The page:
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Most common grammar mistakes

Most of us are not the first speakers of the English language. Therefore, we all tend to fall prey in the eyes of grammar commentators.

Akanksha Rathor | New Delhi |

It’s very common to make grammatical errors. Everyone makes them, no matter if you are a language wordsmith, or just use the language for your daily communication only. 

With the growing digitalization and globalization, we are using the English language everywhere, for reading, posting on social media, writing emails, text messages, or just even for our personal interactions or everyday journaling.

Most of us are not the first speakers of the English language. Therefore, we all are vulnerable to fall prey in the eyes of grammar commentators. All we need is a little more clarity, some reviewing/editing, and a handy basic rule book to say goodbye to English grammar errors.

So, here we go:

 “It’s” vs. “Its”

Generally, an apostrophe indicates possessive nouns, as in “the book’s cover” or “children’s books.” However, in this case, the apostrophe used before ‘s’ in ‘it’s” does not have the same rule as what it is used for.

‘It’s, which has an apostrophe, is a contraction of ‘it is’ or ‘it has’.

‘Its’, which doesn’t have an apostrophe, is a possessive pronoun that’s used to show something belongs to someone/something else. 


It’s my job to take care of my family.

The book and its case are on the table.

Every Day vs. Everyday

‘Every day’ means ‘each day’, whereas ‘everyday’ is an adjective meaning commonplace or ordinary. Let’s look at some examples:

“You wake up every day”.

Amid the pandemic, waking up late is an everyday story.

“Lie” vs. “lay”

Both have different uses, if you put or place an object somewhere, then you use lay, or when you want to relax you ‘lie’ down. The verb “lie” is an intransitive verb, which means it does not need an object. The transitive verb “lay” requires an object.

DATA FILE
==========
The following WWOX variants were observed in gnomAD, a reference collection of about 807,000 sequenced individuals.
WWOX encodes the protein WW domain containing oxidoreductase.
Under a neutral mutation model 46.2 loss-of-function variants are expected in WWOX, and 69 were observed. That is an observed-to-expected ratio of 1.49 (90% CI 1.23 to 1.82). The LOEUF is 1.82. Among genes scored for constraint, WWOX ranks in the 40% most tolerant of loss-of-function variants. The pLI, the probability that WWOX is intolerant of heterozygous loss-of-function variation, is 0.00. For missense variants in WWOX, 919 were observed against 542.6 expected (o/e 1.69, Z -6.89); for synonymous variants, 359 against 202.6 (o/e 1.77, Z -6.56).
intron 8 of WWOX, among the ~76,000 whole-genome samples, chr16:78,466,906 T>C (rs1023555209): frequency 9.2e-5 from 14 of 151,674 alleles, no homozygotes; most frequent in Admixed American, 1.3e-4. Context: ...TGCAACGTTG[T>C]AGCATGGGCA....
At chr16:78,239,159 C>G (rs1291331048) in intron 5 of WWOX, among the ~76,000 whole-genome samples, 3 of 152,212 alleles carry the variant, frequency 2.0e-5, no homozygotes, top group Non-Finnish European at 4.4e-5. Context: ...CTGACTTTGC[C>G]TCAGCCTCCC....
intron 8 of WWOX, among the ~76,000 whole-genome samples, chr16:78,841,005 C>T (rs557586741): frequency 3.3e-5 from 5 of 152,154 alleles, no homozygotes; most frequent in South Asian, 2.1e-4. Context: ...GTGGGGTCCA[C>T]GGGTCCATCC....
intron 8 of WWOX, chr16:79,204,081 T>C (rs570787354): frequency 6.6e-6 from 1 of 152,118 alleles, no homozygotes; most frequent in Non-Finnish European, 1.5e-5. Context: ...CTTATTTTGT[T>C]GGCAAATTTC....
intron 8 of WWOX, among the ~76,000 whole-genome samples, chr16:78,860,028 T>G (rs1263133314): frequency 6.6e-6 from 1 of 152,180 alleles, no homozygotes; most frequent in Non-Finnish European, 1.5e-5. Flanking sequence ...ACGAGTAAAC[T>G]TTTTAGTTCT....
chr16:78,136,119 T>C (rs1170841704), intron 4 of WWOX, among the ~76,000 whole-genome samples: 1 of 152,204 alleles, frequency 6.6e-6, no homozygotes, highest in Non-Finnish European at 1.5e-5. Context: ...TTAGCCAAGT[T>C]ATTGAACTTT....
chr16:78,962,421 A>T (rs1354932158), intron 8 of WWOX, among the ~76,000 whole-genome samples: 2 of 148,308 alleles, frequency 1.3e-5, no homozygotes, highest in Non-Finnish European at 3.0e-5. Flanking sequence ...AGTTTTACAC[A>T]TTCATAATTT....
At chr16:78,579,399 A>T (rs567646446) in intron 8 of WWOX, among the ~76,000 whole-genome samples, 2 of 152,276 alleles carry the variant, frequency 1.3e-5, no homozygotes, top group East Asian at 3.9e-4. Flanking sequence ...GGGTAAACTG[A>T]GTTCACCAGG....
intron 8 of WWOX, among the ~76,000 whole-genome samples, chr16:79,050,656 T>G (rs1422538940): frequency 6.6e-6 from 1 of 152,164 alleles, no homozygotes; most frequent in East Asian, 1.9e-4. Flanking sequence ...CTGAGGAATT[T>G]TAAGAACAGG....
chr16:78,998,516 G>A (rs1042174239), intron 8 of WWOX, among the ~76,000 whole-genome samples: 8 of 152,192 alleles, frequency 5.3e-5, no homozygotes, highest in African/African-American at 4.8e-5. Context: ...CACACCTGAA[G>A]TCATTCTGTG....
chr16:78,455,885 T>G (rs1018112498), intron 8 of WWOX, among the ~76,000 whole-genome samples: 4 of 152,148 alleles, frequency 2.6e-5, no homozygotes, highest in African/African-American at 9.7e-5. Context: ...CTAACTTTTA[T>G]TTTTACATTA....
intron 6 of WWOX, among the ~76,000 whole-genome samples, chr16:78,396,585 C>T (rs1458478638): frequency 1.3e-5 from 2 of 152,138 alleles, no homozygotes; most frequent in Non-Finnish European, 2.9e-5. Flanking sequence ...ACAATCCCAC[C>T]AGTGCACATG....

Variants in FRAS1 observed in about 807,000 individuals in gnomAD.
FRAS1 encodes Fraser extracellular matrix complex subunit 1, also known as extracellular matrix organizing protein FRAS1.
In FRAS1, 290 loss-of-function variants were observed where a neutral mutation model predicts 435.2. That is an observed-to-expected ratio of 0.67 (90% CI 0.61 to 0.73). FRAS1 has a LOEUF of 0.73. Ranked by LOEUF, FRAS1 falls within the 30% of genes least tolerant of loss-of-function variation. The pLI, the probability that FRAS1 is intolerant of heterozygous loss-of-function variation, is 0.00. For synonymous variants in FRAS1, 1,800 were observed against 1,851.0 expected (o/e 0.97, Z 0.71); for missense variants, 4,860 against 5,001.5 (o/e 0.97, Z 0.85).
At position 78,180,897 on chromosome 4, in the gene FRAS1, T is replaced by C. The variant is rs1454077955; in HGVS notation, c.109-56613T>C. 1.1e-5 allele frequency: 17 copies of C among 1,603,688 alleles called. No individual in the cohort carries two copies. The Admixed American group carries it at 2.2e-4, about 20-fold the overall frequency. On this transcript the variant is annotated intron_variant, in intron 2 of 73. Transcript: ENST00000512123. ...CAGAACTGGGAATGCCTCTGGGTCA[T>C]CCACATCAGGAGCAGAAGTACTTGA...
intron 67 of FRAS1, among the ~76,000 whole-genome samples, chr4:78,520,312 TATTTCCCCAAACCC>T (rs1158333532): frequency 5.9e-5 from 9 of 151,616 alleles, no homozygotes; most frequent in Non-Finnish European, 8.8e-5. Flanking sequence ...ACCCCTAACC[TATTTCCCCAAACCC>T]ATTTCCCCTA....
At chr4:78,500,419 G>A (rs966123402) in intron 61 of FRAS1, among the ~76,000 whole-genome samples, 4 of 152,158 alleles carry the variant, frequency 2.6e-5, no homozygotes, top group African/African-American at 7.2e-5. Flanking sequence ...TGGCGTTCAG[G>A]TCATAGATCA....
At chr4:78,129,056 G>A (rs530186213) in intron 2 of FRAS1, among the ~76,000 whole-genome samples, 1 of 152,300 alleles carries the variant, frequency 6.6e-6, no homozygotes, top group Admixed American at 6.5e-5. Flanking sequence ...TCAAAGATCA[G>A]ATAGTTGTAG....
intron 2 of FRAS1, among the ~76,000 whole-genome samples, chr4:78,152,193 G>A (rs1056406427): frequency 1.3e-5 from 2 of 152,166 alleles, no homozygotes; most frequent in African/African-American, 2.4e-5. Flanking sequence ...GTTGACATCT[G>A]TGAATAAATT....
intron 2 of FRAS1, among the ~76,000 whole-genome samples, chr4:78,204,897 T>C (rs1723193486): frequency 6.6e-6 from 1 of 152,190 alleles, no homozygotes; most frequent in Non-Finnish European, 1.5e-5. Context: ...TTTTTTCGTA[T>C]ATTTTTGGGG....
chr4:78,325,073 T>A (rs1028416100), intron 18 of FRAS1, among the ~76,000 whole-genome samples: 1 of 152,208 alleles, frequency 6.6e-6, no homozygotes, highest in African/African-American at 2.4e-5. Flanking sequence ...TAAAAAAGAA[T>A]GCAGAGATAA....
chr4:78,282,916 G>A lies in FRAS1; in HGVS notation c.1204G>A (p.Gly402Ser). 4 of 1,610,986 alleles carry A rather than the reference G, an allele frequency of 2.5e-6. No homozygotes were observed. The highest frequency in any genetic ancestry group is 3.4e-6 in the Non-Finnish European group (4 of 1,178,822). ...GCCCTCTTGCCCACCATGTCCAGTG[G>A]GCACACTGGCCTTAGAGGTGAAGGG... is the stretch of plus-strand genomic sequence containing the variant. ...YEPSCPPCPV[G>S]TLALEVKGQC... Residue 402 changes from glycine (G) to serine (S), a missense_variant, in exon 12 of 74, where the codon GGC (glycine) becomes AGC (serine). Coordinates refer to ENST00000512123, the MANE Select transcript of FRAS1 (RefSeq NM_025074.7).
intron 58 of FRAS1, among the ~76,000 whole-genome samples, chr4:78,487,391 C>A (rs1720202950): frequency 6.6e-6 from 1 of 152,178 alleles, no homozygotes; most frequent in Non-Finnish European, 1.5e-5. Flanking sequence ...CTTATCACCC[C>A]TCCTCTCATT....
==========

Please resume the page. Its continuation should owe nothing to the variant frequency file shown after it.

You lay the plate on the table.

When you are tired, you can lie down on the couch.

Comma splice, and when to use it

When joining/connecting two complete sentences, we use comma splice. It can be substituted with a semicolon or a period; however, a writer uses comma splice to create emphasis on a singular emotion in one sentence, instead of using the two sentences. 


“He was tired, he slept.” Or “He was tired, so he slept.”

The two clauses can be substituted with a period/full stop.

He was tired. He slept.

Em Dash vs. En Dash

The size matters! Never interchange the two, both look different and create different meanings. The em dash ‘—’ is used in place of a comma or colon. The en dash ( ‘–’) is used to show a range of time or numbers and date typography.


The feeling of loneliness—living alone—has made me too needy.

I have been living alone since 2019–2020.

Since vs. From

Since gives a vague idea of time stated in a sentence, whereas from talks about the specific time mentioned. Also, The word ‘Since’ can be used only in perfect tense forms, however ‘From’ can be used in any tense form. 


The interview will be from 9 am to 10 am tomorrow.

I have been sitting here since morning.

When stating the time in a sentence, ‘from’ needs ‘to’ or ’till’ to complete the meaning of a sentence, whereas since can be used independently.

Insure vs. Ensure

Insure means to cover, secure, or protect someone against something with an insurance policy; ensure means to guarantee.


My car is insured, so I don’t need to worry.

I put on a seat belt to ensure my safety. 

Today, we have various language tools and software that we can rely on for basic grammar, spelling, and typographical errors. Still, no machine or AI can beat human creativity and intelligence, when it comes to eliminating English grammar errors completely.